There is now a solution designed to allow healthcare computer systems to speak the same language.
The NHS Digital terminology server, which meets FHIR requirements, transforms the way data is captured, shared and analyzed across the healthcare and healthcare system.
At the heart of the solution is the ability to translate articles into a common “health language” when professionals describe something using different terms. For example, a symptom could be described as “back pain” or also known as “lower back pain.” When this information is recorded and shared across the healthcare and healthcare system, the terminology server can be used to match disparate descriptions so that all organizations and programs involved in a patient’s journey can “speak “between them and reconcile patient data. and compares effectively.
This means that organizations across the system can quickly receive sets and updates of national codes, such as SNOMED CT, doctors can code in the same language and enter the data more easily, researchers can use the enhanced coded data to facilitate a better research and organizations can innovate and create new applications without having to maintain large sets of codes using a single API.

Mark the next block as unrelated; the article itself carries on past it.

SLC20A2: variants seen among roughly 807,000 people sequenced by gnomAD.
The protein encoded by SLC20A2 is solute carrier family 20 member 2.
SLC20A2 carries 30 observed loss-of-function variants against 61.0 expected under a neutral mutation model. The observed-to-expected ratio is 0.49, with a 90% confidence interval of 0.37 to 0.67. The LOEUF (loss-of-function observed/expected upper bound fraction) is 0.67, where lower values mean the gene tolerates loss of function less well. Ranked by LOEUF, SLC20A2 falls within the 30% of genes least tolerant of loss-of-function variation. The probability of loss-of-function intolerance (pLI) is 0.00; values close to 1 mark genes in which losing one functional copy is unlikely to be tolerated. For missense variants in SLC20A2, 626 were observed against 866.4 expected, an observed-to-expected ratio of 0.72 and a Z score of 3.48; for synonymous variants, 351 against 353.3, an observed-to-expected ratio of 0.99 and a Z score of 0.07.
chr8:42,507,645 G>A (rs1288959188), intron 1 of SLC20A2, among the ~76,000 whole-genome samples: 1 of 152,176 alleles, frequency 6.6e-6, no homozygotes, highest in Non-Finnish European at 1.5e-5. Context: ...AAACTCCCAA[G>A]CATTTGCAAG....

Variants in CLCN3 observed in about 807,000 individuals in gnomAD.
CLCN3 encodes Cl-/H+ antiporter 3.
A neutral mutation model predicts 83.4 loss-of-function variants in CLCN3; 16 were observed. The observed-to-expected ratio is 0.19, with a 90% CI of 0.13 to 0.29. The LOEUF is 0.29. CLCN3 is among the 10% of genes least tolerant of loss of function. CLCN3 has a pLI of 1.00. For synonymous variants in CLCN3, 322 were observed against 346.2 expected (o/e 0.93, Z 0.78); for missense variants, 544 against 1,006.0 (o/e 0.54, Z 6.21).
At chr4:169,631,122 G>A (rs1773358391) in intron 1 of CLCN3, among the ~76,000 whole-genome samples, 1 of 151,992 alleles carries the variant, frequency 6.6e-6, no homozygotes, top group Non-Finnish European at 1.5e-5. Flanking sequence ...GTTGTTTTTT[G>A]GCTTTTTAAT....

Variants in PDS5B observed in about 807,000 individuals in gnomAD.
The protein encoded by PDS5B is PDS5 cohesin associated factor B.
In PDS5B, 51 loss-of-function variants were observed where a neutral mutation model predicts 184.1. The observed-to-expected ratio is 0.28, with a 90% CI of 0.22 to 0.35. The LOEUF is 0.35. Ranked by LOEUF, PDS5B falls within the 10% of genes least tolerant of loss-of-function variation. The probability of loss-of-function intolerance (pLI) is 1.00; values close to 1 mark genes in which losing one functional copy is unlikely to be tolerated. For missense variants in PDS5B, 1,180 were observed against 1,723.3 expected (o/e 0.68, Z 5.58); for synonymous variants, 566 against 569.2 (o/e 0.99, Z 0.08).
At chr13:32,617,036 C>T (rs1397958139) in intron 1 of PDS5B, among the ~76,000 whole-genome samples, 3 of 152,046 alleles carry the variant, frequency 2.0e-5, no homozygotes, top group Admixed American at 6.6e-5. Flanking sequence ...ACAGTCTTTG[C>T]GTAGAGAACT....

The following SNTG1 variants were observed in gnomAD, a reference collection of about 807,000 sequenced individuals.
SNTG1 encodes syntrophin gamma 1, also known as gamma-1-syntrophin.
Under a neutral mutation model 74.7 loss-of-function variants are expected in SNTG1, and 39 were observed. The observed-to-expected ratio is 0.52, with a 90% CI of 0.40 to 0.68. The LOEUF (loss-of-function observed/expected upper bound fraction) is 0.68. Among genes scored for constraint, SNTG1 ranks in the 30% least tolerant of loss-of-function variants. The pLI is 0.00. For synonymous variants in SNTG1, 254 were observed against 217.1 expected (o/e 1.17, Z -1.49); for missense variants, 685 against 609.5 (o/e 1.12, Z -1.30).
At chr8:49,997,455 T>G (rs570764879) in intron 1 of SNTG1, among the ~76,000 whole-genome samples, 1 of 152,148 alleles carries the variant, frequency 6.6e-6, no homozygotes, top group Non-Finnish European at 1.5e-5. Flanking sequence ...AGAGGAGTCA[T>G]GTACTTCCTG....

Nicholas Oughtibridge, NHS Digital’s lead data architect, said: “Having consistent codes makes life easier for doctors and researchers and ultimately patients.
“The terminology server facilitates faster data capture and record retention on the clinical face and allows these records to be reused not only in a single clinical environment, but in other similar or very different environments as a patient moves. by the health and care system. The terminology server also opens up the opportunity to reuse data for population analysis, research, or vendor regulation. “
NHS Digital is the first organization to go live with a national framework solution that was awarded in September 2020 to Dedalus and its partner CSIRO, the creators of Ontoserver.
The framework was created to make the adoption of standards much simpler, simpler and more cost-effective and allows healthcare organizations to use the NHS Digital service or acquire and manage their own solution.
Colin Henderson, regional director general of the Dedalus Group, UK and Ireland, said: “Allowing healthcare systems to speak the same language is a key component in driving interoperability. The terminology server offers a real opportunity to create an ecosystem and a community of users across the UK who can benefit from accurate, consistent and up-to-date data. “